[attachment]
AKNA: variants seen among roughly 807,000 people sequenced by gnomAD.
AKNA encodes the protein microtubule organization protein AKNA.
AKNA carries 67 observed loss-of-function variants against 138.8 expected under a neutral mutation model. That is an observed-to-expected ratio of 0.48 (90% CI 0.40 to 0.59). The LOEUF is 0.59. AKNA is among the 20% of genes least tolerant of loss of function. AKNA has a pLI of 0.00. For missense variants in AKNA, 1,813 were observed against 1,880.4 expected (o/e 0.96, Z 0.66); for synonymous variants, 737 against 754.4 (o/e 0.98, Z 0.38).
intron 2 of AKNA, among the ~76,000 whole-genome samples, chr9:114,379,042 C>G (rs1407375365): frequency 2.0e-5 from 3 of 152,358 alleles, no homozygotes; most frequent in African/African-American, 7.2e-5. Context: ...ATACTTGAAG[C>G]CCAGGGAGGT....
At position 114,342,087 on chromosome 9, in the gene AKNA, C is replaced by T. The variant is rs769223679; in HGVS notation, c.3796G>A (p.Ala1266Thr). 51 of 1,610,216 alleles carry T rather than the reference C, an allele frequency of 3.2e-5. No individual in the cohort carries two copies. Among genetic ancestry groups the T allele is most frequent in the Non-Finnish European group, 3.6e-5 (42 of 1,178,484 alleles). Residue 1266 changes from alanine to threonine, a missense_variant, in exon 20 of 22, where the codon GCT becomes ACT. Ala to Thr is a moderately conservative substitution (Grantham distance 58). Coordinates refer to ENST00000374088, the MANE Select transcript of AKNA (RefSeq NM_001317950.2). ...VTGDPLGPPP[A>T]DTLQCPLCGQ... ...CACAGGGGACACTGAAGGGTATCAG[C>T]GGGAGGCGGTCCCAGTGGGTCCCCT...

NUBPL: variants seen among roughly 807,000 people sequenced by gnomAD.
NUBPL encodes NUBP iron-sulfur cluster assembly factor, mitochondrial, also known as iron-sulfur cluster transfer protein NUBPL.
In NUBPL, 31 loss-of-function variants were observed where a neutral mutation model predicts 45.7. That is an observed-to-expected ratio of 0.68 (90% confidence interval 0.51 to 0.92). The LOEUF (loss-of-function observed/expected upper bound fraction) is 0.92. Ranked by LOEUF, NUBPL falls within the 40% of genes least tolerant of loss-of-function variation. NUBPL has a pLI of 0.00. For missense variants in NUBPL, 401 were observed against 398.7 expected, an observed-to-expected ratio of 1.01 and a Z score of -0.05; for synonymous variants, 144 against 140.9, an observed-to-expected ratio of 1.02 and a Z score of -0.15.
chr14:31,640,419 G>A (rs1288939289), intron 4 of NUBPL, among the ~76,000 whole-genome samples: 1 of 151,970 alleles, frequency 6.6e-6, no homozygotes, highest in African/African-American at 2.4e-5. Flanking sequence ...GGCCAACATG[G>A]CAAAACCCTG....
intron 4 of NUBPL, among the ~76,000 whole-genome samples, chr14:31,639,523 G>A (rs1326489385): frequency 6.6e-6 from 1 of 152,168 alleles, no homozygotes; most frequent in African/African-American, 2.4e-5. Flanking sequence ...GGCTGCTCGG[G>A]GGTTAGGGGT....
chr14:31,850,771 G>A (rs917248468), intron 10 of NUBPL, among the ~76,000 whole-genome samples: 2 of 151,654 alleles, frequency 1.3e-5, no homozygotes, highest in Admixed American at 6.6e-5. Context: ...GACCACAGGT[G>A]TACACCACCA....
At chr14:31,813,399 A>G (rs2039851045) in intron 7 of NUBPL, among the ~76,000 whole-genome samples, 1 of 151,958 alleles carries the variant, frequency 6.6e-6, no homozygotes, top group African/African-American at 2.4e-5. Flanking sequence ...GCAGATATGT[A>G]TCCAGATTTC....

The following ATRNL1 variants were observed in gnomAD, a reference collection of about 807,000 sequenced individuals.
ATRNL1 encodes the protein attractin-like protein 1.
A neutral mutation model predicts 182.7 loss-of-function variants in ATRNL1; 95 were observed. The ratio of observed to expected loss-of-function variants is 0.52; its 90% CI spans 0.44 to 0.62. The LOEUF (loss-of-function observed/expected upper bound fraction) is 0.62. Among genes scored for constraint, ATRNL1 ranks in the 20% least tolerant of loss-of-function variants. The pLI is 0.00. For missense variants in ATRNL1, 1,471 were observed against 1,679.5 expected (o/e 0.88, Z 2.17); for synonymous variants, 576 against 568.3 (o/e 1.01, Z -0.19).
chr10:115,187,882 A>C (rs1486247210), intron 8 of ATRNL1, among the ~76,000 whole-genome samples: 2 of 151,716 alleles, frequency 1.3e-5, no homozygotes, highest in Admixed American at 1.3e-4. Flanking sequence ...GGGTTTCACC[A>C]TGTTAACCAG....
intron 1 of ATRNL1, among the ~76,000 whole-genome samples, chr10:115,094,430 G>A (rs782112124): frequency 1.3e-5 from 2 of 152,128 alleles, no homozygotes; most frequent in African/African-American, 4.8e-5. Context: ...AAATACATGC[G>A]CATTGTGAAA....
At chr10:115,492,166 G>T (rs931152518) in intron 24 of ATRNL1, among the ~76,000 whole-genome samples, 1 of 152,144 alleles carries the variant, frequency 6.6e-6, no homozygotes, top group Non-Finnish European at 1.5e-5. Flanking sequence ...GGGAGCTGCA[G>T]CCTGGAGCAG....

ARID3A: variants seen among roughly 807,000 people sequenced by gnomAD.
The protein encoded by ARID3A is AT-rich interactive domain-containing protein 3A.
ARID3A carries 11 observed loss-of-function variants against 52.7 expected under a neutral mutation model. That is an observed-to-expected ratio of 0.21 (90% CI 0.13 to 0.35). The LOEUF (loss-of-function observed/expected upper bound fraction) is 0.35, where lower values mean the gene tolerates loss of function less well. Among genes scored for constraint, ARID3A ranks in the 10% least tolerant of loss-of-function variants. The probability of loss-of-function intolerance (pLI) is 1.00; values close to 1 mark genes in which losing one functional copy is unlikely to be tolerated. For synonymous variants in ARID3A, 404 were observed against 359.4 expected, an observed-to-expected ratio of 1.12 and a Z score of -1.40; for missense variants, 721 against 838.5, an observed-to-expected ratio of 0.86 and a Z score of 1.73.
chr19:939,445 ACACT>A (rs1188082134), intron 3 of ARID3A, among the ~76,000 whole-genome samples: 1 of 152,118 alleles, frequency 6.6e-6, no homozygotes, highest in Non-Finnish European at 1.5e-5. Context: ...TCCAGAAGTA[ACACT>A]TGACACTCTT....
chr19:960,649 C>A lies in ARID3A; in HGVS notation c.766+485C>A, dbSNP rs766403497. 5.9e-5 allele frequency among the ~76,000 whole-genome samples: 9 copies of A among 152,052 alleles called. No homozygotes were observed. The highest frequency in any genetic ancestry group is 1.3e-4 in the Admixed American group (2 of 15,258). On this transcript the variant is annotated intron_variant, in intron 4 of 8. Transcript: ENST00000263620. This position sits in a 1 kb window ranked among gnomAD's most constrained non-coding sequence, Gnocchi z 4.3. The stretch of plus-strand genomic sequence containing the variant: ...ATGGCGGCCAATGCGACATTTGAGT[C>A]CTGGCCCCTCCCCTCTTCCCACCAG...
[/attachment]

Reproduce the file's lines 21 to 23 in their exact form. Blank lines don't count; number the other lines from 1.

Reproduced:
ARID3A carries 11 observed loss-of-function variants against 52.7 expected under a neutral mutation model. That is an observed-to-expected ratio of 0.21 (90% CI 0.13 to 0.35). The LOEUF (loss-of-function observed/expected upper bound fraction) is 0.35, where lower values mean the gene tolerates loss of function less well. Among genes scored for constraint, ARID3A ranks in the 10% least tolerant of loss-of-function variants. The probability of loss-of-function intolerance (pLI) is 1.00; values close to 1 mark genes in which losing one functional copy is unlikely to be tolerated. For synonymous variants in ARID3A, 404 were observed against 359.4 expected, an observed-to-expected ratio of 1.12 and a Z score of -1.40; for missense variants, 721 against 838.5, an observed-to-expected ratio of 0.86 and a Z score of 1.73.
chr19:939,445 ACACT>A (rs1188082134), intron 3 of ARID3A, among the ~76,000 whole-genome samples: 1 of 152,118 alleles, frequency 6.6e-6, no homozygotes, highest in Non-Finnish European at 1.5e-5. Context: ...TCCAGAAGTA[ACACT>A]TGACACTCTT....
chr19:960,649 C>A lies in ARID3A; in HGVS notation c.766+485C>A, dbSNP rs766403497. 5.9e-5 allele frequency among the ~76,000 whole-genome samples: 9 copies of A among 152,052 alleles called. No homozygotes were observed. The highest frequency in any genetic ancestry group is 1.3e-4 in the Admixed American group (2 of 15,258). On this transcript the variant is annotated intron_variant, in intron 4 of 8. Transcript: ENST00000263620. This position sits in a 1 kb window ranked among gnomAD's most constrained non-coding sequence, Gnocchi z 4.3. The stretch of plus-strand genomic sequence containing the variant: ...ATGGCGGCCAATGCGACATTTGAGT[C>A]CTGGCCCCTCCCCTCTTCCCACCAG...